In a series of raids, German police have arrested three elderly men who are suspected of having once manned posts at the Auschwitz death camp.
News of the arrests was announced last Thursday by German prosecutors, who said an 88-year-old, a 92-year-old and a 94-years-old had all been remanded into custody in the southwestern state of Baden-Württemberg, according to the Guardian.
In addition, raids were carried out at three other locations in the same state, as well as homes in the more western regions of Hesse and North Rhine-Westphalia. No arrests were reported in these actions.
“Various records and documents from the Nazi era were seized, and their evaluation is ongoing,” the prosecutors said in a statement about the home raids.
Currently, the German agency in charge of investigating war crimes has a list of close to 30 suspected Auschwitz guards who have been recommended for prosecution, reports the Jewish Telegraphic Agency.
The Simon Wiesenthal Center was quick to praise the German arrests, which signal one of the boldest moves made against suspected Nazi guards in decades.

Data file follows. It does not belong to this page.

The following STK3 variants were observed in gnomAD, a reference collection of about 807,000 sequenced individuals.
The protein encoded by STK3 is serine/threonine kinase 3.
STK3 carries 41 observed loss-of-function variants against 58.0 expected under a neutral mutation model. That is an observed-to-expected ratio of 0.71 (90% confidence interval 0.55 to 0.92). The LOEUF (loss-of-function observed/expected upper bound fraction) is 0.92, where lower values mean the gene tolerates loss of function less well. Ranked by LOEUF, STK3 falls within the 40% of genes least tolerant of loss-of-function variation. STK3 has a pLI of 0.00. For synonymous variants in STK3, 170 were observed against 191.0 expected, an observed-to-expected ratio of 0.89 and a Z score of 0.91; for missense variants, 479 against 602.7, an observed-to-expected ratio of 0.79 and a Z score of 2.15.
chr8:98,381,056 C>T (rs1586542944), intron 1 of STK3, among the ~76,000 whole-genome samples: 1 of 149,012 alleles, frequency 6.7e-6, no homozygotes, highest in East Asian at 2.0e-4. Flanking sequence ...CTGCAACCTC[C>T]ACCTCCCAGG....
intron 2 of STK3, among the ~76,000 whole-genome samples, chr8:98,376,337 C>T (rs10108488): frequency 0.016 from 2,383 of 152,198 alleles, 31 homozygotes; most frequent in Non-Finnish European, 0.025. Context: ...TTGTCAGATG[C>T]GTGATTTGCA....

Wiesenthal chief Nazi hunter Efraim Zuroff told JTA that it was important to remind people that “justice can still be obtained.”
“These are the last people on earth who deserve any sympathy since they had no sympathy whatsoever for their innocent victims, some of whom were older than they are today,” Zuroff added.
The push to renew Nazi investigation efforts was sparked in part by the successful trial of John Demjanjuk, who was convicted of serving as a guard at the Sobibor camp in 2011. Although Demjanjuk maintained he had never worked at the Polish camp (he died while appealing the ruling), Munich prosecutors argued that just being at the death camp was tantamount to being an accessory to murder.